we have won more races in 2008, 2009 and 2010 than any other team. Talented young stars and experienced leaders, working together to achieve success on the world stage. Our commitment to teamwork and to the best tools and technology has made us the world leader in victories. 412 wins since 2008
That’s from the marketing materials of Highroad, the structure behind the HTC-Highroad team. It makes great play of the team’s winning ways, that in 2010 the squad won more races than any other team, and this by a long way. This is a team that screams success in both the men’s and women’s teams.
So far this year only Rabobank has more wins. For 2011 the team is known as HTC-Highroad. The “Highroad” bit is the equivalent of “your name here”, an open invitation for a co-sponsor to come aboard and share in the team’s success.
What I find perplexing is that this team can’t get a co-sponsor. It’s a winning machine. It’s never troubled by scandal. The team is slick and professional, good at marketing and consistent with its wins throughout the season. If a squad like this is having trouble getting sponsor, it’s a concern for the whole sport.
It’s worth stating the team is financially well off, team owner Bob Stapleton is a billionaire. So the lack of a co-sponsor isn’t a threat to the squad’s survival. Also the presence of HTC is a big vote of confidence, the company even uses cycling imagery in its marketing?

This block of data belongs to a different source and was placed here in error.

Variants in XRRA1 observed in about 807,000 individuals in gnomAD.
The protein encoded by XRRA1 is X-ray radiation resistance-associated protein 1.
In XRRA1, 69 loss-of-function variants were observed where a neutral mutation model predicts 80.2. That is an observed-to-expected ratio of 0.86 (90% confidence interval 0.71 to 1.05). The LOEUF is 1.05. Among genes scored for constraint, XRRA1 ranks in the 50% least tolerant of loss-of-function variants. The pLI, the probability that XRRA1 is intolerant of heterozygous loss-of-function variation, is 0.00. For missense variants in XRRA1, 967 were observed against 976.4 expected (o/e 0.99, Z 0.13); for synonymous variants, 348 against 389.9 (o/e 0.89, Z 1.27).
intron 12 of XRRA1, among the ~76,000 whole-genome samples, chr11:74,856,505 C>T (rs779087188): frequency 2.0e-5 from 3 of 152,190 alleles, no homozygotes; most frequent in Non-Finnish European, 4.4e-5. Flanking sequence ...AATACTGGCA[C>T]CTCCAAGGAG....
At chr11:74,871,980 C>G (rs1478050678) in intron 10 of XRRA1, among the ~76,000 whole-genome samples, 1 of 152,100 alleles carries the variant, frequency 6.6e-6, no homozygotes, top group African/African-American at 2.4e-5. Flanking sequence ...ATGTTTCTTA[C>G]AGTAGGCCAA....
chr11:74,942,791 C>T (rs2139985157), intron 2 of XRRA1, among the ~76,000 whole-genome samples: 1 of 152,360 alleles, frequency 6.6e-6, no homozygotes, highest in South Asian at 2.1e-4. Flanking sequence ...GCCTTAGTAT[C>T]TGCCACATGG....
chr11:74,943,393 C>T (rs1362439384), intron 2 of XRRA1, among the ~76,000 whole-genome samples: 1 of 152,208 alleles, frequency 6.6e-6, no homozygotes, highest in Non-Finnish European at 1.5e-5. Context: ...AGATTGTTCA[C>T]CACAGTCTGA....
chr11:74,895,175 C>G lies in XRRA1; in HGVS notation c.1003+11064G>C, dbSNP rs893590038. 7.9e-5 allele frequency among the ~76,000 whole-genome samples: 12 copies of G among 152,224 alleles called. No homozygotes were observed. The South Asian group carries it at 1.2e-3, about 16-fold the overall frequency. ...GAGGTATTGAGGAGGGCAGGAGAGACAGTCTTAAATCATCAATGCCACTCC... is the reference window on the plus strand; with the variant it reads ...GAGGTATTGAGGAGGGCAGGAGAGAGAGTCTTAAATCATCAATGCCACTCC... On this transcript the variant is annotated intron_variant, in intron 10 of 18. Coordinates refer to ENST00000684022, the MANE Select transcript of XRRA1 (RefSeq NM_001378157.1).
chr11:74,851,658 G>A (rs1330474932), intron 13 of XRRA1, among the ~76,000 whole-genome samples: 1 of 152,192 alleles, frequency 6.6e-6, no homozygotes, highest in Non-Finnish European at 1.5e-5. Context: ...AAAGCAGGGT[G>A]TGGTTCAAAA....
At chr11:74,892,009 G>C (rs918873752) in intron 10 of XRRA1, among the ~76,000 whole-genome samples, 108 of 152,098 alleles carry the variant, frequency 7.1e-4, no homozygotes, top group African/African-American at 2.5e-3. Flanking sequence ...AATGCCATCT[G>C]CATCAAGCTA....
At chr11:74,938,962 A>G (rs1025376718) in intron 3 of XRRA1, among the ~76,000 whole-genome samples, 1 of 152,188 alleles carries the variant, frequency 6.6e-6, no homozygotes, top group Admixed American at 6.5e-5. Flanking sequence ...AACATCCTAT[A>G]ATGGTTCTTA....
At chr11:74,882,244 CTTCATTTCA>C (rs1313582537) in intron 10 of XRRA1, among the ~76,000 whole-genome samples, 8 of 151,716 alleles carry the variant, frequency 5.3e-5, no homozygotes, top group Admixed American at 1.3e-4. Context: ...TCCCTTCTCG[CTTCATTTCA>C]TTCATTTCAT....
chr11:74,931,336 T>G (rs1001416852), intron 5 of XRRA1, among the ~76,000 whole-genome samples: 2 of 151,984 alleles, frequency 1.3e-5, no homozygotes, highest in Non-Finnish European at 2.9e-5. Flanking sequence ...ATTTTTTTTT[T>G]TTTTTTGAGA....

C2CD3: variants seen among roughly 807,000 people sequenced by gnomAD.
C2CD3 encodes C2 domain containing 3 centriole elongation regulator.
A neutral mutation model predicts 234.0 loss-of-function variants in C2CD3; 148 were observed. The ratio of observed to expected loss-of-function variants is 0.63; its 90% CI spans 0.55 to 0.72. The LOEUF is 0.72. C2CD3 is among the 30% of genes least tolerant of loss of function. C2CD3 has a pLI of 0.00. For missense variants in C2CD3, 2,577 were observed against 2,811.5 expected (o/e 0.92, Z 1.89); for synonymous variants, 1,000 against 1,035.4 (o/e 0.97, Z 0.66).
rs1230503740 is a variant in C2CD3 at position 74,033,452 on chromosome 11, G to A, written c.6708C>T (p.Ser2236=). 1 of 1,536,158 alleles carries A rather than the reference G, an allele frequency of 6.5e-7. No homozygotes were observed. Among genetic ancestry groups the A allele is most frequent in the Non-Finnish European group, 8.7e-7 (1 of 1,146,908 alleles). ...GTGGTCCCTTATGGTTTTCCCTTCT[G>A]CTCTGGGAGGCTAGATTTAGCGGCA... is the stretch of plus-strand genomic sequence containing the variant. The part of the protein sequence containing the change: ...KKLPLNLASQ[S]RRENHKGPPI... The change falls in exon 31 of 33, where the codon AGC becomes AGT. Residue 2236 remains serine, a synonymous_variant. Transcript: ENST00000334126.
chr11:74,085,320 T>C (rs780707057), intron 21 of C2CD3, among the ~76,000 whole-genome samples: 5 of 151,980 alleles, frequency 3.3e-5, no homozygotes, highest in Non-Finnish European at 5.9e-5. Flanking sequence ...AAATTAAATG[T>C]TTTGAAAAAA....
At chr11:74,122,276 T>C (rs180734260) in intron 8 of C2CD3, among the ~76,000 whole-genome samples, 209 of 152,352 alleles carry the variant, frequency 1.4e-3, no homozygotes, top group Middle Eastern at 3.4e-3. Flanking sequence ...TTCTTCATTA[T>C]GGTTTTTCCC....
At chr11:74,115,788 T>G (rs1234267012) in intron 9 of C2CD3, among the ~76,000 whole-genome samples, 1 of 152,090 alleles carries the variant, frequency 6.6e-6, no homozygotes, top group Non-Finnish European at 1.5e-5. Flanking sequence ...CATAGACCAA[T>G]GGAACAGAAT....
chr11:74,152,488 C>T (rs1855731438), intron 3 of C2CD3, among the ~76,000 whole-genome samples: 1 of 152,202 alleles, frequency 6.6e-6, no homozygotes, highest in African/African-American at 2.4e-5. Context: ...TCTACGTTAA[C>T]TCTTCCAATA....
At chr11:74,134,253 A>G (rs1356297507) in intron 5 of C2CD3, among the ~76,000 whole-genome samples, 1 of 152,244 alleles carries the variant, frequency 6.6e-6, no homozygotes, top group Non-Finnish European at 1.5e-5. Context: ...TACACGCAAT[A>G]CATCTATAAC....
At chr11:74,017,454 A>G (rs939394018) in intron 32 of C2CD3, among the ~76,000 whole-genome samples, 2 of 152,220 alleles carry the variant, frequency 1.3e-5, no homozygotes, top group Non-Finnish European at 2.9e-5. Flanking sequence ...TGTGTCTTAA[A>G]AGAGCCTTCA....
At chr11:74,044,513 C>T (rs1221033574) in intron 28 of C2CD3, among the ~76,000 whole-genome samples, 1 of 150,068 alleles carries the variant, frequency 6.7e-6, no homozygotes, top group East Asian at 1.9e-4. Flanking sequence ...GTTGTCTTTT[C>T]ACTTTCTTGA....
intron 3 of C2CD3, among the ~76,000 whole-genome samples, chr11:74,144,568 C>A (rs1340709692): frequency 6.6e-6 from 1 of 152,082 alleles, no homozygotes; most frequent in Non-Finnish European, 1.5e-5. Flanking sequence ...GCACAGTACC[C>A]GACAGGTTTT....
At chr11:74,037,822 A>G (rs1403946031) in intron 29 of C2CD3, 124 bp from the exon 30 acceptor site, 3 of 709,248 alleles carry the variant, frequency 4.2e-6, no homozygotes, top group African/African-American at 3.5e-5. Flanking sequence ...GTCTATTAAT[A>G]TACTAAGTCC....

The squad is packed with talent, despite prolific wins if anything it promises more than it delivers. For example Teejay Van Garderen could become a stage race winner. It’s not so much all the wins, it’s that many of their riders could get even better. But often talented riders leave, managing such a roster is not easy. Much of the team is built around Mark Cavendish and the British rider’s destination for 2012 will determine so much. If he stays (unlikely, things are a bit frosty with team boss Stapleton), then perhaps some stage racing talent looks elsewhere, knowing that every time Cavendish starts a grand tour, the wagons of his spring train will take up many places on the team; even Tony Martin was working for Cav last July. If Cavendish goes then the squad could rejig itself around Martin, Van Garderen and Peter Velits, whilst at the same time winning sprints thanks to others.
A luxurious dilemma
HTC-Highroad is in a position of strength. Most other team managers would love to worry about whether they become a top team for the classics and sprints, or plump for Grand Tour success. With a roster packed with talent and a billionaire owner it’s hard to say this team has problems. But if they haven’t got sponsors queuing up to get on the jersey, who does?